Alice in Wonderland


Walt Disney Pictures


Rating: PG


Plot Summary: Alice, now 19, tumbles into Wonderland again, and is the only one who can step in and fight the Red Queen’s monster to save Wonderland from her terrible rule.


Reason for the Rating: Fantasy action/violence involving scary images and situations, and for a smoking caterpillar.


Alice is now 19 and finds herself, to her surprise, at her own engagement party. She’s not one for conventions, like her pesky corset and stockings, and so hardly swoons when a lord asks for her hand in marriage in front of a hundred expectant guests.


But, easily distracted by fancy, she leaves her suitor at the gazebo to chase a white rabbit in a waistcoat, and (she really should remember this and be more careful) falls down a rabbit hole into Wonderland.


But in Wonderland…properly called Underland…she finds herself faced again with every one else’s expectations on her—the inhabitants of Underland hope she is the Alice, the one prophesied about who will kill the Red Queen’s Jabberwocky and restore the crown to the benevolent White Queen (Anne Hathaway).


Alice, unsure she is that Alice, slowly takes steps of bravery, such as trying to free the Mad Hatter (Johnny Depp) from the Red Queen (Helena Bonham Carter), that eventually lead to her choosing her own heroic destiny.


This movie is visually beautiful. Burton is at home with the creepy, but manages to not make Alice seem like just one more visual revision of Nightmare Before Christmas. The world is unique and surprising and fun.


The characters in Alice in Wonderland are delightful. Who knew the Red Queen, so hated from childhood, could be a humorous and somewhat sympathetic (if neurotic) evil villain. Or the Mad Hatter, mainly annoyingly nonsensical in the original, could become a brave but scared friend to Alice, whose flashes of humanity are seen amidst his being completely bonkers. And Alice herself (Mia Wasikowska) is lovely in every sense of the word.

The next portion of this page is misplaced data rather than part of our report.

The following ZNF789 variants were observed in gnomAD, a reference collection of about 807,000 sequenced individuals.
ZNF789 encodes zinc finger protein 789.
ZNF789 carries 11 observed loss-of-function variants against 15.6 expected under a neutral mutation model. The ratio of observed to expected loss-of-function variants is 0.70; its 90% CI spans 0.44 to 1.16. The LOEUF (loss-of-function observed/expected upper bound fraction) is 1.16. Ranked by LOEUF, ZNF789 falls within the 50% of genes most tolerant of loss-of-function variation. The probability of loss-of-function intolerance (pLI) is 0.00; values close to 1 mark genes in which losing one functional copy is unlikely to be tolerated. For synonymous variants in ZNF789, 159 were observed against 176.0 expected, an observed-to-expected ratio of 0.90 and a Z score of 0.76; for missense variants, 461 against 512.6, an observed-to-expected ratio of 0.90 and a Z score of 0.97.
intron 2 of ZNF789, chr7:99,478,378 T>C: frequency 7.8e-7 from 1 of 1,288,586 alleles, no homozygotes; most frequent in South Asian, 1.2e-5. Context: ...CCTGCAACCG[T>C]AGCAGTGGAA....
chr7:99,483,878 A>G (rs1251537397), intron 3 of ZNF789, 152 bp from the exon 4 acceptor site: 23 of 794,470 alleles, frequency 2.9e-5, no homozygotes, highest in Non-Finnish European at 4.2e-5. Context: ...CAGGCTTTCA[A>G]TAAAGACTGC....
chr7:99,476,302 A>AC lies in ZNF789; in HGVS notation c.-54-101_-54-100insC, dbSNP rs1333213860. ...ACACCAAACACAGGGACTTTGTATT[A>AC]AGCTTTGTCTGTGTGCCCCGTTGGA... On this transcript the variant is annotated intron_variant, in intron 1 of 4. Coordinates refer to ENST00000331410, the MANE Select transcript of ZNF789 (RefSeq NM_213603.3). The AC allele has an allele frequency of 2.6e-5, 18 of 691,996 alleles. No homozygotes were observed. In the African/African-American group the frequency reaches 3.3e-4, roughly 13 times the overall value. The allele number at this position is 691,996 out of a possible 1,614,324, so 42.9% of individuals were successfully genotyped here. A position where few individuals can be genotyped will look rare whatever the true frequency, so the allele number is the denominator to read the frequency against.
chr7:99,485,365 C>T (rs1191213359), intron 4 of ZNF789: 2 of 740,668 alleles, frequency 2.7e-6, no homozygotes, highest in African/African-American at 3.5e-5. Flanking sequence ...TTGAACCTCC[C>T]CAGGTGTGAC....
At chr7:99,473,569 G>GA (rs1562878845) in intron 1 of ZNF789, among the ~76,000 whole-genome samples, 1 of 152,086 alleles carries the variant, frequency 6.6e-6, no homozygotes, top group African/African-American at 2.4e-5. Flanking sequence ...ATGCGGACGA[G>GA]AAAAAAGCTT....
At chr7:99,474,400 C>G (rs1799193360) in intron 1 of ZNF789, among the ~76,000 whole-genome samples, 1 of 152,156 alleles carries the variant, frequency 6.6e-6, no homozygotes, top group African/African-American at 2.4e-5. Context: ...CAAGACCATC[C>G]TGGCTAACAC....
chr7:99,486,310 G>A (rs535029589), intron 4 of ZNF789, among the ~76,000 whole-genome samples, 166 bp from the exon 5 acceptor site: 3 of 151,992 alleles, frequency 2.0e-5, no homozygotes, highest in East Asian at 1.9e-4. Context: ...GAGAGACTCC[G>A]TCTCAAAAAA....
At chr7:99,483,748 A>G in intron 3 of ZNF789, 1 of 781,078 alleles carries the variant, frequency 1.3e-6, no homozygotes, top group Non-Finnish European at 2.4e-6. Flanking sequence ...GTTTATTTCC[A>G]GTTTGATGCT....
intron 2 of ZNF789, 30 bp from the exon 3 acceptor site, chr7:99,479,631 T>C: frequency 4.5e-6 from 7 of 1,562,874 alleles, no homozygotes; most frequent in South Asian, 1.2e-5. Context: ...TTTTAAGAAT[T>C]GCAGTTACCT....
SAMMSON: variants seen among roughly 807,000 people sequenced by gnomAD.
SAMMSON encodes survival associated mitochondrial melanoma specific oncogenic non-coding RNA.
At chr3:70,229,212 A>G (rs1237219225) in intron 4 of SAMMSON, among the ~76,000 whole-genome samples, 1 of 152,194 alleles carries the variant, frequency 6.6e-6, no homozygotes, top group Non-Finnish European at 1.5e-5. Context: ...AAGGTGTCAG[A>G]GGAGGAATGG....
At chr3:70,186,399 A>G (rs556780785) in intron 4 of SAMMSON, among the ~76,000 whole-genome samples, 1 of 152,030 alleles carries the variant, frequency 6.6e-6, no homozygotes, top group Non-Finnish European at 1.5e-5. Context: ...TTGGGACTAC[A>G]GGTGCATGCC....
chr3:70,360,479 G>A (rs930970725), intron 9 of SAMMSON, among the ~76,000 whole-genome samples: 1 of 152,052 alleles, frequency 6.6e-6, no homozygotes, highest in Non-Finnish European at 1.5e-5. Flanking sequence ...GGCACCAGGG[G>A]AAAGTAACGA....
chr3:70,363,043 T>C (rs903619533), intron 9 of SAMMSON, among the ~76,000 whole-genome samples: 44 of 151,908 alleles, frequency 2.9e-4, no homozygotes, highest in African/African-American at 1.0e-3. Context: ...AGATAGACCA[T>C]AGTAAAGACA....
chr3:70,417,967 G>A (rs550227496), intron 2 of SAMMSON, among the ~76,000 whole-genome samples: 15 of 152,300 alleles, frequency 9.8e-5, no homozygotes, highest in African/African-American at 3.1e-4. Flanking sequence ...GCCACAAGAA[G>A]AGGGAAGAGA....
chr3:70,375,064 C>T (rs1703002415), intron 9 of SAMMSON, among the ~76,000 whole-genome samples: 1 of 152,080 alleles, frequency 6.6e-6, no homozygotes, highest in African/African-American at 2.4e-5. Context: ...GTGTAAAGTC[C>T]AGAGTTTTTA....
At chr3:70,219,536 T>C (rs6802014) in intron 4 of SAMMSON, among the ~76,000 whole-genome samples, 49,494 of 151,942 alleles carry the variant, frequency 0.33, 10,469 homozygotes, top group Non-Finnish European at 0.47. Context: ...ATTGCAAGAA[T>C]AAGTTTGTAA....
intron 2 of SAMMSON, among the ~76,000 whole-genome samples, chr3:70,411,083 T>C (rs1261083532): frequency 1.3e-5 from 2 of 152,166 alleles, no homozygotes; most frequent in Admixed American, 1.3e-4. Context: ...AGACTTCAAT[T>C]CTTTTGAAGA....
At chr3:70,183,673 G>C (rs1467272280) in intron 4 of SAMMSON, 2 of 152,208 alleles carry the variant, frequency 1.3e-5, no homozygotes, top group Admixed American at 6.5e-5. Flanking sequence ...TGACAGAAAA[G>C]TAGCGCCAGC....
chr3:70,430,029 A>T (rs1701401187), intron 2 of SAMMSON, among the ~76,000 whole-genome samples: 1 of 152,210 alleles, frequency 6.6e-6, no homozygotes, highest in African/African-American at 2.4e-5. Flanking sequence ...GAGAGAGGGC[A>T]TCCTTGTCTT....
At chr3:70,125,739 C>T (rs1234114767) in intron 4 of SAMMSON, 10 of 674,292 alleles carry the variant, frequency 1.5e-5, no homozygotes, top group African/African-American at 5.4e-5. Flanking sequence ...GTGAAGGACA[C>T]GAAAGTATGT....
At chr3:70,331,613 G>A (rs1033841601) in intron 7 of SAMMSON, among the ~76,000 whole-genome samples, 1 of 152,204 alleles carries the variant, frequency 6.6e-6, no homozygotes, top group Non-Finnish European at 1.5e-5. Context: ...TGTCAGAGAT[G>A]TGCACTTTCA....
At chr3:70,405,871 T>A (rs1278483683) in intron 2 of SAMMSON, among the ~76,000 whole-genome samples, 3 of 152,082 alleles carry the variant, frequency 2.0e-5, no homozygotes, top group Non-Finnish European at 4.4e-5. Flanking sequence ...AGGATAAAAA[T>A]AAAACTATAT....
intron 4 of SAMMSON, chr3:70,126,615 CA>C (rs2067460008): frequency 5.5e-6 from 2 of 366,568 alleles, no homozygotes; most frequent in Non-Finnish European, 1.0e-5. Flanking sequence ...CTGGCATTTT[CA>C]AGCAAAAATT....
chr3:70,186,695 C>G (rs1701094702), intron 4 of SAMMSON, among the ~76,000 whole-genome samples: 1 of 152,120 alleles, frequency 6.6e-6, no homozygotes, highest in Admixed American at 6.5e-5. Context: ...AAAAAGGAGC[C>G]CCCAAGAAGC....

Herein lies why some will take offense at Disney’s reimagining of Alice. Lewis Carroll’s story was pure nonsense and whimsy and didn’t by any means bow down to our own desire for story or even likable characters. This is perhaps why so many children do not actually like this children’s story. But in this film Burton has imbued into, or perhaps imposed upon, Alice with a story arc, dramatic tension, meaning, and good characters. Some would say this ruins Carroll. I would say it makes a classic story appeal to a broader audience.


Tim Burton’s Alice in Wonderland, besides being beautiful and fun and funny, bows to modern-day story conventions, which in this case is a good thing.


Let's Talk About It

Use these questions to spark discussion among family members who are interested in this movie:


• Alice didn’t want to do things just because everyone thought she should, like wear corsets. Is there something like this that everyone around you does and expects you to do also?


• If you were Alice, would you have been brave enough to come forward as the champion? Why or why not?




Note: All movie-related graphics in this column are standard publicity/promotional shots and are owned by their respective movie studios.

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